The study is the first scientific investigation to document Internet cigarette sales to minors, researchers say. Reported in the Sept. 10 issue of the Journal of the American Medical Association, the project involved having four youths, aged 11 to 15 and under adult supervision, try to buy cigarettes from 55 Internet cigarette vendors.
"Our four volunteers made 83 purchase attempts, paying by credit card 47 times and by money order 36 times," said Dr. Kurt M. Ribisl assistant professor of health behavior and health education at the UNC School of Public Health. "We found the kids successfully received cigarettes for 93.6 percent of credit card purchase attempts and 88.9 percent of money order purchase attempts.
"Age was never verified for any of these deliveries," said Ribisl, also a member of the UNC Lineberger Comprehensive Cancer Center. "Internet vendors sent a total of 1,650 packs of cigarettes to the underage youth in our study."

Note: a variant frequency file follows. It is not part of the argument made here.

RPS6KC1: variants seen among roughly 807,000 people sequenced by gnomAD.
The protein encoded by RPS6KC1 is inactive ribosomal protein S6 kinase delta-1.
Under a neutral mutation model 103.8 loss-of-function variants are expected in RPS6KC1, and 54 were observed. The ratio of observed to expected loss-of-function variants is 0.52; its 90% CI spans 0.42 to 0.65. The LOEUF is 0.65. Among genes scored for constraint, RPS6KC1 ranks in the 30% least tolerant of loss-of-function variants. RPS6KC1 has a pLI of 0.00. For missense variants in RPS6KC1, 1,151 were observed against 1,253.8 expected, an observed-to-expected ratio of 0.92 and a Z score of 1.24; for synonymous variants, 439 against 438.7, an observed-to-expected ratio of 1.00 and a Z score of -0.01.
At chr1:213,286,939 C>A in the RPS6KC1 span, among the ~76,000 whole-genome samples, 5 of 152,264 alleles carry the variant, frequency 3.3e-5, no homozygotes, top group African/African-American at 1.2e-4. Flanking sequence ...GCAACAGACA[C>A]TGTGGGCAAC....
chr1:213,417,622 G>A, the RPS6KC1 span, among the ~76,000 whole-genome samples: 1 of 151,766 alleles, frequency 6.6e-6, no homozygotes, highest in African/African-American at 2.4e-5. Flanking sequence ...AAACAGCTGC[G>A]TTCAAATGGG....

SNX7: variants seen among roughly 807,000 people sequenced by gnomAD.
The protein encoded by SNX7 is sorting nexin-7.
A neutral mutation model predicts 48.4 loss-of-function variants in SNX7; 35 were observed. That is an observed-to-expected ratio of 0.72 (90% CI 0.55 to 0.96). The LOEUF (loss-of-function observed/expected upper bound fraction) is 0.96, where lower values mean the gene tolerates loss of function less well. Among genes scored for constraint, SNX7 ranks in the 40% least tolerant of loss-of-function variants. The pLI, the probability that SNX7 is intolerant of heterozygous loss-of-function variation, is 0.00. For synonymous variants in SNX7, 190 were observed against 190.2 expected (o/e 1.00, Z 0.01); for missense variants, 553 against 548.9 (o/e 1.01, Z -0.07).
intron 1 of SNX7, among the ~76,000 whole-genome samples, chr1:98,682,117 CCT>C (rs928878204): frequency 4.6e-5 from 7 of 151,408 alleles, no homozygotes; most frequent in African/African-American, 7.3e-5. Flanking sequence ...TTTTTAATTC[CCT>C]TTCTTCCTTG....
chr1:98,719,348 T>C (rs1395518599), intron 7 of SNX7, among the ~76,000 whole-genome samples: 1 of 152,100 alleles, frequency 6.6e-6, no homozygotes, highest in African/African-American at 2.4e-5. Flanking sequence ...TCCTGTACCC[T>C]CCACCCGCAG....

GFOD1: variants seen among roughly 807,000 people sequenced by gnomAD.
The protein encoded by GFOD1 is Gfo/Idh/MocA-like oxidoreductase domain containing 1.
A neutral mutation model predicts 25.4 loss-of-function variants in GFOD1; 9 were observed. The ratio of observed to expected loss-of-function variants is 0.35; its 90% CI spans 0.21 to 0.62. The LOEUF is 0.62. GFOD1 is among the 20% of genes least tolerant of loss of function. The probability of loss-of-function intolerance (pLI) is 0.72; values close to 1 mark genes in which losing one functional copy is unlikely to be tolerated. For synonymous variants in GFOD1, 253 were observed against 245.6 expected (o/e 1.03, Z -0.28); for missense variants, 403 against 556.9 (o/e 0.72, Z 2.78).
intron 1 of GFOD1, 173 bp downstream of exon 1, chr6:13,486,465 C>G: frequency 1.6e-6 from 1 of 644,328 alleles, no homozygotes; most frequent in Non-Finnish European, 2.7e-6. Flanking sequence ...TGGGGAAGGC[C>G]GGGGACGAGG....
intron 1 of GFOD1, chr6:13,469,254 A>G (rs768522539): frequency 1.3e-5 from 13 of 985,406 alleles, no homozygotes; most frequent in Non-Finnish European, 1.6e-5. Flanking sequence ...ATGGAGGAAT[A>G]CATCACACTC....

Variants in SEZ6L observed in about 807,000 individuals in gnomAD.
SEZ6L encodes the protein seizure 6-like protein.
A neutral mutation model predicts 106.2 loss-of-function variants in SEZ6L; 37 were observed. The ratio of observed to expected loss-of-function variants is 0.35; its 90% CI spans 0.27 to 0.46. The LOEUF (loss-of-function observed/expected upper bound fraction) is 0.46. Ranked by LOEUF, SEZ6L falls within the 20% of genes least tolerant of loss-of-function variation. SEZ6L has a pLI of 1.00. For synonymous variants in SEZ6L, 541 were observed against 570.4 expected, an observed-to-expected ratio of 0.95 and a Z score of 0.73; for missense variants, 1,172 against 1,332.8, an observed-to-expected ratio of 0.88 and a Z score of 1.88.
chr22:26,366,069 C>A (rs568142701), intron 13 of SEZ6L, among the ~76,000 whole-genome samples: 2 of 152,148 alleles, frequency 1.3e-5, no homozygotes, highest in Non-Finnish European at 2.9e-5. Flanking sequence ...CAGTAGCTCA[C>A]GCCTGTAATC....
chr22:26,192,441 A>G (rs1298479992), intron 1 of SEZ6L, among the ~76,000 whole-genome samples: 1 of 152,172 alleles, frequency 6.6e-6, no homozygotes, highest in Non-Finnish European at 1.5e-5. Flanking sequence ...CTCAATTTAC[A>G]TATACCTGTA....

Co-authors of the JAMA report are public health doctoral students Rebecca S. Williams and Annice E. Kim. Money to buy the cigarettes was donated privately to the group.
Ribisl said it surprised him that more than 90 percent of the Internet vendors warned potential customers that they needed to be at least 18 years old to purchase cigarettes, yet more than 90 percent of the vendors sold cigarettes to the children anyway.
"More than a quarter of cigarette vendors also operated a retail store, and almost two-thirds were on Indian reservations," he said.
Some vendors required buyers to mail or fax a copy of their photo ID, but only three of the money order and one of the credit card purchases
Contact: David Williamson
University of North Carolina at Chapel Hill